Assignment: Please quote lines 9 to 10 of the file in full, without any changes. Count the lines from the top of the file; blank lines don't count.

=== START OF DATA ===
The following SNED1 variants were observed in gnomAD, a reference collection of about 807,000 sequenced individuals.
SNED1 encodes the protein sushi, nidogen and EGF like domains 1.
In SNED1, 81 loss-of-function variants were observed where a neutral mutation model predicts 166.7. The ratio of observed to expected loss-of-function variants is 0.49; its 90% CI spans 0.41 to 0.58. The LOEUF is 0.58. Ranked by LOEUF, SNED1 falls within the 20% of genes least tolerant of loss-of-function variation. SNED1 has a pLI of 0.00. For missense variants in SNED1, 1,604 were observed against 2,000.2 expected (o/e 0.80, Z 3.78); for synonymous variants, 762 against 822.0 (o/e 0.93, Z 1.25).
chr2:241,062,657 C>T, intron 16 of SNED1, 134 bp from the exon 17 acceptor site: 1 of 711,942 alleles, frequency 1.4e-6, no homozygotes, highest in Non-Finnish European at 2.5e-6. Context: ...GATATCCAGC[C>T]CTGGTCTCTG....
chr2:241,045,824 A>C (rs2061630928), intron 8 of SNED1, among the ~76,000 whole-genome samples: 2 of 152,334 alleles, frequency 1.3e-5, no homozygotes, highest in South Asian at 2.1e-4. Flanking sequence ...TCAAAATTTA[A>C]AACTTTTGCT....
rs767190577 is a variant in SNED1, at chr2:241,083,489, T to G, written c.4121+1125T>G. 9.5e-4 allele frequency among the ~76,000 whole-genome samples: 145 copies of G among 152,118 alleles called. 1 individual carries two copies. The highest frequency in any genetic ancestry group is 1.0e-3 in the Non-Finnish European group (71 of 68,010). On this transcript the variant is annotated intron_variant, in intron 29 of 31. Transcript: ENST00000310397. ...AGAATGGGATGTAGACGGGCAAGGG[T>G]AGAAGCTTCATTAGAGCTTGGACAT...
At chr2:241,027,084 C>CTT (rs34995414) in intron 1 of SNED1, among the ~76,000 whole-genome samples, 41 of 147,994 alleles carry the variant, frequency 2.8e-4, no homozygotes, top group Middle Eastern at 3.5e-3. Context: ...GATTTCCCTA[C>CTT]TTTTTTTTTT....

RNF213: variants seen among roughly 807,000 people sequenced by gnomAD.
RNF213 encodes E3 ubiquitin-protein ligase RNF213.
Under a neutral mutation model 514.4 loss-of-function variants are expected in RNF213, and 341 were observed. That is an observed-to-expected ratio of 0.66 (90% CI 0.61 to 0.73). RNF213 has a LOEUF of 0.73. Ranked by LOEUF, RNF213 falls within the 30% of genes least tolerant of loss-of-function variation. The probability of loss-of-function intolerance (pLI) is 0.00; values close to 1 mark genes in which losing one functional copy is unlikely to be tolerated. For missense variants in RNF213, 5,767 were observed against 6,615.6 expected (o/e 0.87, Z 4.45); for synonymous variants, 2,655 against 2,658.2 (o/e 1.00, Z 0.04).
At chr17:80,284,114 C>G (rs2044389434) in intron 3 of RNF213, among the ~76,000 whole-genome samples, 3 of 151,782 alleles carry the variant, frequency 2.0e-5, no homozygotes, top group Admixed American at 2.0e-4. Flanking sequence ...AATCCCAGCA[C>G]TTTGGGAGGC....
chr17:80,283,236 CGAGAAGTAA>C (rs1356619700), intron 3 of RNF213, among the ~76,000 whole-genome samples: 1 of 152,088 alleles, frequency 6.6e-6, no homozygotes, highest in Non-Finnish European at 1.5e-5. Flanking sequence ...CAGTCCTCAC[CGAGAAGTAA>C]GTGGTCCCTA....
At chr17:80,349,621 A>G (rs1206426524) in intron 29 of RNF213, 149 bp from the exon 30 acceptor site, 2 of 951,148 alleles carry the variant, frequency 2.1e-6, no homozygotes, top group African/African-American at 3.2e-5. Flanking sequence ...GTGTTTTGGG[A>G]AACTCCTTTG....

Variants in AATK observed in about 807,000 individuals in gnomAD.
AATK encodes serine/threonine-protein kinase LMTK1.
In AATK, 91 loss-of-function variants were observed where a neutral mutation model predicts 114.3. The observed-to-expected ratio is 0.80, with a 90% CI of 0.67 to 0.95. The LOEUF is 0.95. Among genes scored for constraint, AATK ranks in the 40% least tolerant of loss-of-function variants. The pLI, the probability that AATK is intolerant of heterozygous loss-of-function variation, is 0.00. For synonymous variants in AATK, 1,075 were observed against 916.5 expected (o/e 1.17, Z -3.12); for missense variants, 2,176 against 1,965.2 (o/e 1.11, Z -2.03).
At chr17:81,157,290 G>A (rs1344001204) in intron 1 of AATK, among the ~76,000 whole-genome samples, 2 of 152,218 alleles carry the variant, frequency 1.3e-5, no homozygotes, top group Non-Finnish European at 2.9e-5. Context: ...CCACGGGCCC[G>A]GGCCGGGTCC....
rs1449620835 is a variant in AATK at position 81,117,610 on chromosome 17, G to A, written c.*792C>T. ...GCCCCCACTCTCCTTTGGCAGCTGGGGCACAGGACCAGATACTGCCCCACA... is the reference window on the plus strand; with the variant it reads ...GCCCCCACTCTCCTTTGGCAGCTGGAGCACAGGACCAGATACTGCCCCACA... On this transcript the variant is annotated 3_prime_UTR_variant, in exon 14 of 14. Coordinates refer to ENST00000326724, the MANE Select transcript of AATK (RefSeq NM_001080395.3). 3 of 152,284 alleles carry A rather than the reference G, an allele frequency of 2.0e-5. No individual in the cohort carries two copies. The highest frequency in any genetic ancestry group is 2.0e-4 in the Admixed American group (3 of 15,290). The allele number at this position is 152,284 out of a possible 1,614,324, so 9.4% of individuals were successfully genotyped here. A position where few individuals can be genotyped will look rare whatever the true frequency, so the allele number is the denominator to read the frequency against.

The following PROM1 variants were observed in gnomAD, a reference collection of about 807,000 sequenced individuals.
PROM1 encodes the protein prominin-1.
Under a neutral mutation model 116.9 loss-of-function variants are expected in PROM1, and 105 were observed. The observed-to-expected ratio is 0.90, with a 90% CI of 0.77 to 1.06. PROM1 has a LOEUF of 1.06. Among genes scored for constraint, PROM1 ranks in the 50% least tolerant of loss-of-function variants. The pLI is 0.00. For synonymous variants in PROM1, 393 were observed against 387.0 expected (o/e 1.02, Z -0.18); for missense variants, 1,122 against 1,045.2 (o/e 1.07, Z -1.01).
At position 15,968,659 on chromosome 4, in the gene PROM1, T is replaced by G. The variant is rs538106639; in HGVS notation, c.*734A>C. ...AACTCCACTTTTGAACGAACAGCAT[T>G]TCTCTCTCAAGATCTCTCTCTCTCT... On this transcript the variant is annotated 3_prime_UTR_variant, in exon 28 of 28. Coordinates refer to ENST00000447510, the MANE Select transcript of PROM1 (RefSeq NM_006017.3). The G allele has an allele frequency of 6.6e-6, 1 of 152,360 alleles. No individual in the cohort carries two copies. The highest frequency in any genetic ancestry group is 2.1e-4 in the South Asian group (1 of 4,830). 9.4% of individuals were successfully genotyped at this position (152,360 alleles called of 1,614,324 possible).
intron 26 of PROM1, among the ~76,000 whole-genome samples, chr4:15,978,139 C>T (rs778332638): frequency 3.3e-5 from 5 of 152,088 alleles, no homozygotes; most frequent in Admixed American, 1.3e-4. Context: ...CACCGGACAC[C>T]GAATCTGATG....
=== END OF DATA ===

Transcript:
RNF213 encodes E3 ubiquitin-protein ligase RNF213.
Under a neutral mutation model 514.4 loss-of-function variants are expected in RNF213, and 341 were observed. That is an observed-to-expected ratio of 0.66 (90% CI 0.61 to 0.73). RNF213 has a LOEUF of 0.73. Ranked by LOEUF, RNF213 falls within the 30% of genes least tolerant of loss-of-function variation. The probability of loss-of-function intolerance (pLI) is 0.00; values close to 1 mark genes in which losing one functional copy is unlikely to be tolerated. For missense variants in RNF213, 5,767 were observed against 6,615.6 expected (o/e 0.87, Z 4.45); for synonymous variants, 2,655 against 2,658.2 (o/e 1.00, Z 0.04).